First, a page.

And it's a block south of Pigeon Park, which looks onto Pidgin restaurant, the scene of months of protests by opponents of creeping gentrification of the neighbourhood.

    Read More »from Aboriginal healing centre in Vancouver to relaunch as high-end boutique hotel
  • Theatre Outre performance (via Facebook)
    Perhaps there are limits to the open-mindedness of some Albertans.

    As an openly lesbian RCMP officer took command of Alberta's Mounties this week, news came from the southern Alberta city of Lethbridge about a theatre group that claims it's being chased out of its space by homophobia.

    Theatre Outre calls itself an alternative to mainstream theatre.

    "We provide an uncensored and uncompromising voice to those in our community who are often considered to exist beyond the fringes of social propriety, sexual norms and gendered expectations," its mission statement says. "Our season is selected to entertain, enlighten, challenge and provoke."

    But the theatre company's new, bigger venue, dubbed Bordello, has come under fire from other businesses in the downtown building.

    The group said two "hateful, hurtful and defamatory emails" were sent to the building landlord by other tenants questioning whether Bordello belongs in the same building with an insurance broker and a music school for

    Read More »from Homophobic emails threaten edgy Lethbridge theatre troupe
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    The idea of drinking tap water has become a bizarre thought to some, particularly those bottled-water-loving folks who are happy to pay a few dollars for peace of mind.

    And paying for steak when you have a cow at home may appeal to some, but we surely are not at a point where refusing tap water to restaurant or bar patrons is considered reasonable. Are we?

    CBC News in Halifax recently studied the availability of drinking water in 25 downtown bars and found that four establishments outright refused to give patrons a glass of water, instead demanding they purchase a $2.75 bottle of H2O.

    Question of intoxication aside – is it really a good idea to refuse water to someone downing shots of tequila? – the study raises a terrifying question: Is clean drinking water no longer considered an inalienable right?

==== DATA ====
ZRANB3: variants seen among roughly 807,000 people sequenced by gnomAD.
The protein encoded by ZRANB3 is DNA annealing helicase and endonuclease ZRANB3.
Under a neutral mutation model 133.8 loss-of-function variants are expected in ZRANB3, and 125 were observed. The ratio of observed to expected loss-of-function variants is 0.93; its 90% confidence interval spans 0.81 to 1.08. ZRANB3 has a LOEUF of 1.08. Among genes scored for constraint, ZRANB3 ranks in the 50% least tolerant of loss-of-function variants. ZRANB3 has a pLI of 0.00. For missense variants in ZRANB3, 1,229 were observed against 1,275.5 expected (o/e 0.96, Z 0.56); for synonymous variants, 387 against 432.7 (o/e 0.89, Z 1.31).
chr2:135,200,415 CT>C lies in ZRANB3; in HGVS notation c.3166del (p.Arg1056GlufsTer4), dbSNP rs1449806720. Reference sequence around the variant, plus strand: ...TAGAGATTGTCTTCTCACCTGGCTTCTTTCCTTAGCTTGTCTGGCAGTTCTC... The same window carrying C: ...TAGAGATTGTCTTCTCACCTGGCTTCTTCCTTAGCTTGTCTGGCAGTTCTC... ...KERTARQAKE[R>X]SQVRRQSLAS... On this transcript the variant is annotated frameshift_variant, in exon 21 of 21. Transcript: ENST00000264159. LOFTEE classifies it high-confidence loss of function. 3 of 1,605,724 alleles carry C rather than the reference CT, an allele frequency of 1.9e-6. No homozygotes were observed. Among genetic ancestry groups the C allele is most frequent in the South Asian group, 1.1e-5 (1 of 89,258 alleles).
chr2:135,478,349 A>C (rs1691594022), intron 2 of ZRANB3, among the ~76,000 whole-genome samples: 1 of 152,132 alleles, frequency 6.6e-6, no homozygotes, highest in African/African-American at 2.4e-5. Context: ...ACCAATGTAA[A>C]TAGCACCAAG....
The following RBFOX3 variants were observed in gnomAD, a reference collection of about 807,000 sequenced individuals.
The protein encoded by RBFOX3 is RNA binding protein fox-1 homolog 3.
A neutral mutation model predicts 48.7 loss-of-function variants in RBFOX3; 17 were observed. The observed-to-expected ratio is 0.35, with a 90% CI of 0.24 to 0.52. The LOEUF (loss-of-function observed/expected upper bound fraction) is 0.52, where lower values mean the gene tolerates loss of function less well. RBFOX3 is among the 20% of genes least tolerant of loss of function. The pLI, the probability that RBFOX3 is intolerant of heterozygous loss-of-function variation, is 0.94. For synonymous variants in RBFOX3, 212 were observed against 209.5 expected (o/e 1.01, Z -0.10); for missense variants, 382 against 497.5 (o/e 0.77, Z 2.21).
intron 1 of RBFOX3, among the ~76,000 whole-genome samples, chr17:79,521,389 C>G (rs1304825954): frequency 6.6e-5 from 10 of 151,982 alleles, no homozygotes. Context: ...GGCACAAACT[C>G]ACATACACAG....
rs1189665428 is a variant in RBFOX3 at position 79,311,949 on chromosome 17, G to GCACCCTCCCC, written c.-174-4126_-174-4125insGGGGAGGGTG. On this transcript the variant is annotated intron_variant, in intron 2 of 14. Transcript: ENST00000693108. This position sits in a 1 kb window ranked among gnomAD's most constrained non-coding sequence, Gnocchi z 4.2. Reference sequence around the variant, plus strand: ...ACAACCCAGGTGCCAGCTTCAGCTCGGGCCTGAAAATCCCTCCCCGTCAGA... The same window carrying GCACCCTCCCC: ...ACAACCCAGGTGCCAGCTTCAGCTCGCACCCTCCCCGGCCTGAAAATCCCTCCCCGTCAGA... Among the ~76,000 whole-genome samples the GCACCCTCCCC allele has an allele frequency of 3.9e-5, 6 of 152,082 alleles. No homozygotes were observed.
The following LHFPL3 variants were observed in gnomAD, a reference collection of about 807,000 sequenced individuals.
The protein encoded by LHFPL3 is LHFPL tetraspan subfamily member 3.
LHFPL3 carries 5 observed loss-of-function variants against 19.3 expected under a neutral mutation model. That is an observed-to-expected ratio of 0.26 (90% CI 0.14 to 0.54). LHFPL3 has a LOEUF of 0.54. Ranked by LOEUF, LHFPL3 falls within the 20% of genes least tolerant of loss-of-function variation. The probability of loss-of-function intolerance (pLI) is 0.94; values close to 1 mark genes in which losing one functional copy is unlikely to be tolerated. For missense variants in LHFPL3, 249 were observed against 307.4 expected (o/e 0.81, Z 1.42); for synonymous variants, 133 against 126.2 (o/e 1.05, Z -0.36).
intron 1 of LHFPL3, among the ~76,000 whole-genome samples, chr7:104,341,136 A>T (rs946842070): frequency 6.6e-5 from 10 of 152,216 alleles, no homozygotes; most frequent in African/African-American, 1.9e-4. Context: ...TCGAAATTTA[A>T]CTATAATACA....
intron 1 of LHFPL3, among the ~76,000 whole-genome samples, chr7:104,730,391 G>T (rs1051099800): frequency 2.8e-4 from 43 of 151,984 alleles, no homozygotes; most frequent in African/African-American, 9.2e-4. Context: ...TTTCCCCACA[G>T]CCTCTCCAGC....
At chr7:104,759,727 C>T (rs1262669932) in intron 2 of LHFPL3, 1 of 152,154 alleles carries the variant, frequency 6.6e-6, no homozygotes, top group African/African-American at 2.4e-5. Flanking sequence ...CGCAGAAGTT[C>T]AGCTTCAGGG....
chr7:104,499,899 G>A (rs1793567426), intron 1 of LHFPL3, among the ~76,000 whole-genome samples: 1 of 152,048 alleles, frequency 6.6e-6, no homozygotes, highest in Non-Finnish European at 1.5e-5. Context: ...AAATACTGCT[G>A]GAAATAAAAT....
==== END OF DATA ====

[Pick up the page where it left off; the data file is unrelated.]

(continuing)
Is it now unreasonable to expect access to free, clean water in Canada?

    In the Halifax case, it clearly comes to a question of economics – why give away for free what you could profit

    Read More »from Shouldn't tap water be free and available in Canadian bars and restaurants?
  • Marianne Ryan is not only the first woman to command the RCMP's K Division in Alberta, she's the first lesbian.

    After taking a sustained public beating as a haven for sexists and misogynists, the RCMP is basking in a good-news story about its evolution towards true diversity – the first openly gay woman to head the force in Alberta.

    Canada's national police force is still battling lawsuits filed by dozens of current and former members who allege sexual harassment and worse made their working lives a living hell.

    But it should be admitted when it comes to homosexuality, the Mounties seem to have come a long way from the days they employed a "fruit machine" that was supposed to ferret out gays on the force and elsewhere in the federal public service in the 1960s.

    Gay Mounties even starred in a YouTube video in 2012, part of the It Gets Better campaign to help young homosexuals deal with the stress of coming to terms with their sexual orientation and the prejudice they encounter.

    Assistant Commissioner Marianne Ryan is not only the first woman to command the RCMP's K Division in Alberta, she's the

    Read More »from First openly gay commander for Alberta Mounties shows how far the RCMP has come